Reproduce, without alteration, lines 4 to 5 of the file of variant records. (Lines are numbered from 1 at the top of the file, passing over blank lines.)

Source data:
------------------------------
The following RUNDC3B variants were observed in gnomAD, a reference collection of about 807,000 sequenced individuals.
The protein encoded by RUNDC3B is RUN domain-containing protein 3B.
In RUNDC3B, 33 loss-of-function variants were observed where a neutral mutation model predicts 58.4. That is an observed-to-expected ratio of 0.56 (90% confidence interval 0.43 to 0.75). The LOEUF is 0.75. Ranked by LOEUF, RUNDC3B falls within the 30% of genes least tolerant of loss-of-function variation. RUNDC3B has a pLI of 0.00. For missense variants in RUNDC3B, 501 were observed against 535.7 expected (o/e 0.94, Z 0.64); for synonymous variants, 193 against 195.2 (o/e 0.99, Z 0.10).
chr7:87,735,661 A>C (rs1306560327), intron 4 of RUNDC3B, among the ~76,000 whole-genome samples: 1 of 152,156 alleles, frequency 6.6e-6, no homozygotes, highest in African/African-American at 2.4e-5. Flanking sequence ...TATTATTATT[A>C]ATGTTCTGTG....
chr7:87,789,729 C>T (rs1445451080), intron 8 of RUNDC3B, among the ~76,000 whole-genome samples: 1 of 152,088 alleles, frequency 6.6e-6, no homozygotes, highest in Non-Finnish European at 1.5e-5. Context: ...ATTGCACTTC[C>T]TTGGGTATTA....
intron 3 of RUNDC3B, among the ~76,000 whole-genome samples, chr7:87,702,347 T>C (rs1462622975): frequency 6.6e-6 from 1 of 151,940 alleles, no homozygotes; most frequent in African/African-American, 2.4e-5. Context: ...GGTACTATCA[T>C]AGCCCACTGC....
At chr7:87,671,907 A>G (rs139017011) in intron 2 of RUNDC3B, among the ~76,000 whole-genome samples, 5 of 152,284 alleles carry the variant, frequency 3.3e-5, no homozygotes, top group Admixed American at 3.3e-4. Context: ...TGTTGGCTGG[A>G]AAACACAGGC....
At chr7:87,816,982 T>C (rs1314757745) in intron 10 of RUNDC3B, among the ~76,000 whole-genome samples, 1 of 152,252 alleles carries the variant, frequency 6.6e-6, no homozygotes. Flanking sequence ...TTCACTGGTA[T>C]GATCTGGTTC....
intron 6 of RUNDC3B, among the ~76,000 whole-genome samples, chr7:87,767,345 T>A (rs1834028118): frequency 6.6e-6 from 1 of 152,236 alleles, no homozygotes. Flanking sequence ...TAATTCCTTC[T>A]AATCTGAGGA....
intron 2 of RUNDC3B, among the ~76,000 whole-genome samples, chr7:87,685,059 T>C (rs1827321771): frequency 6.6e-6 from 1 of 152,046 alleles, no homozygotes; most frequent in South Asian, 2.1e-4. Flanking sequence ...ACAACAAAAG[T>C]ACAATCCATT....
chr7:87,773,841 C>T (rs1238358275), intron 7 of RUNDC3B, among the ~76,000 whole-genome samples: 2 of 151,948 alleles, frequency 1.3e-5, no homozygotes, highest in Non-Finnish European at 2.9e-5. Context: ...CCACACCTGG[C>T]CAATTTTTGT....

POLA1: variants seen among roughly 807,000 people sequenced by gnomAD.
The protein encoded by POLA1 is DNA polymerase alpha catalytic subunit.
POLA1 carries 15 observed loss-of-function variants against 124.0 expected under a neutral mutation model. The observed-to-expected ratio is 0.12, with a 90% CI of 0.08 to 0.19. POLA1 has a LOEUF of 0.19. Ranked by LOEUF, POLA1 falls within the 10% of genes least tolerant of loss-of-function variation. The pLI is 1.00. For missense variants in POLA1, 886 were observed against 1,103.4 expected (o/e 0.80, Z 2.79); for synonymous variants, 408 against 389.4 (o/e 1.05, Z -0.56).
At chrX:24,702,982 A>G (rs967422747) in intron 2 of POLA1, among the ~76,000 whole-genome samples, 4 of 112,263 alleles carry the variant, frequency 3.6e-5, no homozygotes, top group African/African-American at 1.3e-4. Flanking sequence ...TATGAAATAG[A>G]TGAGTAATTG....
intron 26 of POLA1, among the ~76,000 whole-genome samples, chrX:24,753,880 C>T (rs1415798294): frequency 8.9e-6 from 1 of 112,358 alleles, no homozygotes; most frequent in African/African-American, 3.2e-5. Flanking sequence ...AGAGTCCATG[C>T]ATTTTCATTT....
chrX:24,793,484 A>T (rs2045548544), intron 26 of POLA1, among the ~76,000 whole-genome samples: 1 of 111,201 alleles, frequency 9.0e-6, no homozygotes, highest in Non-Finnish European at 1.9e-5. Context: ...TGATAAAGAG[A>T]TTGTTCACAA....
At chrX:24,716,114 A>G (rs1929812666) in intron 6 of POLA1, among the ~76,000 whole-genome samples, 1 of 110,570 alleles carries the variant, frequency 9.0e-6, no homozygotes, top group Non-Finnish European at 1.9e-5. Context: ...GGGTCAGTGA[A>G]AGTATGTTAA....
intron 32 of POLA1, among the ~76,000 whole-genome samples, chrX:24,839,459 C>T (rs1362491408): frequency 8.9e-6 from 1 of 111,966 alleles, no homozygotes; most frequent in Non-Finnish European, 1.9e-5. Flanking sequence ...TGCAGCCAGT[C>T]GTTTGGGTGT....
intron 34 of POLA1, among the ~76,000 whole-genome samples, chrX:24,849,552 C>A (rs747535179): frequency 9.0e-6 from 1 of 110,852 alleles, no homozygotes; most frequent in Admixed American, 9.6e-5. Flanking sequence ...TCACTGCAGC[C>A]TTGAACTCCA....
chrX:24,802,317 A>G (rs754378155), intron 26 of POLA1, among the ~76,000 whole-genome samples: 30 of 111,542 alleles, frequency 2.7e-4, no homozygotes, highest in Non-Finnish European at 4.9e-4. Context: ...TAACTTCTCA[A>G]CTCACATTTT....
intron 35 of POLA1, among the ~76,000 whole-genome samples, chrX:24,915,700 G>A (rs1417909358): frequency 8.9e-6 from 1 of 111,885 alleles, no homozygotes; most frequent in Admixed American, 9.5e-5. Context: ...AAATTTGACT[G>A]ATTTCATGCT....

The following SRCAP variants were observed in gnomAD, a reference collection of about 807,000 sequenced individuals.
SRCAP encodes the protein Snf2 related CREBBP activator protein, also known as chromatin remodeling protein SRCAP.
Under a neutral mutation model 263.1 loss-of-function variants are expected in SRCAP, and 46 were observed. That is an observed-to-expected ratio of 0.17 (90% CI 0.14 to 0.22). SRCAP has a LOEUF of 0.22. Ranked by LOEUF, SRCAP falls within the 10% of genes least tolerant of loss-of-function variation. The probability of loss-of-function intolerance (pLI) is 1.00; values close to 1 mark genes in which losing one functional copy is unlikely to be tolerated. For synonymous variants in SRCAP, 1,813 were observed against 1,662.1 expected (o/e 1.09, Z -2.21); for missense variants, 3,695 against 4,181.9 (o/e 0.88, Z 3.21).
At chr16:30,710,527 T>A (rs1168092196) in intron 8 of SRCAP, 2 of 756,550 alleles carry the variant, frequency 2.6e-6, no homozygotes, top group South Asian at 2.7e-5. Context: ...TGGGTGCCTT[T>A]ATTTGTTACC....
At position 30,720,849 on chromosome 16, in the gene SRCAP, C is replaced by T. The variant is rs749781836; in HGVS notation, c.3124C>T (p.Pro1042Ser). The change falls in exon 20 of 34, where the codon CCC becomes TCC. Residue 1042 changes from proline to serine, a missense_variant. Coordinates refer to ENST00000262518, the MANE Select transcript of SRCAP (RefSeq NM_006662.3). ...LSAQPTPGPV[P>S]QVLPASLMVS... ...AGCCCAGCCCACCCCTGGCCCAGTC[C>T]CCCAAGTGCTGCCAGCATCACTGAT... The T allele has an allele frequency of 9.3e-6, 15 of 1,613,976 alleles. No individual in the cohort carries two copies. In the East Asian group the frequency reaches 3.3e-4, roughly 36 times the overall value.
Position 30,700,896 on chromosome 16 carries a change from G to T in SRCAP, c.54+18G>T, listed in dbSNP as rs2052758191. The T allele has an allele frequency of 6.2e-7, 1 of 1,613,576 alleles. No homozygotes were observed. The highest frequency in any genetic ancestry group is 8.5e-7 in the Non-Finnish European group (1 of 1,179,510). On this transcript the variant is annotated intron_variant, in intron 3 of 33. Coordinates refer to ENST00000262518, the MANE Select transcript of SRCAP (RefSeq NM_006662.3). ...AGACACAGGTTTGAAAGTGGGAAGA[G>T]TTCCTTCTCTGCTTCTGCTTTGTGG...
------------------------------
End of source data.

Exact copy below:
chr7:87,735,661 A>C (rs1306560327), intron 4 of RUNDC3B, among the ~76,000 whole-genome samples: 1 of 152,156 alleles, frequency 6.6e-6, no homozygotes, highest in African/African-American at 2.4e-5. Flanking sequence ...TATTATTATT[A>C]ATGTTCTGTG....
chr7:87,789,729 C>T (rs1445451080), intron 8 of RUNDC3B, among the ~76,000 whole-genome samples: 1 of 152,088 alleles, frequency 6.6e-6, no homozygotes, highest in Non-Finnish European at 1.5e-5. Context: ...ATTGCACTTC[C>T]TTGGGTATTA....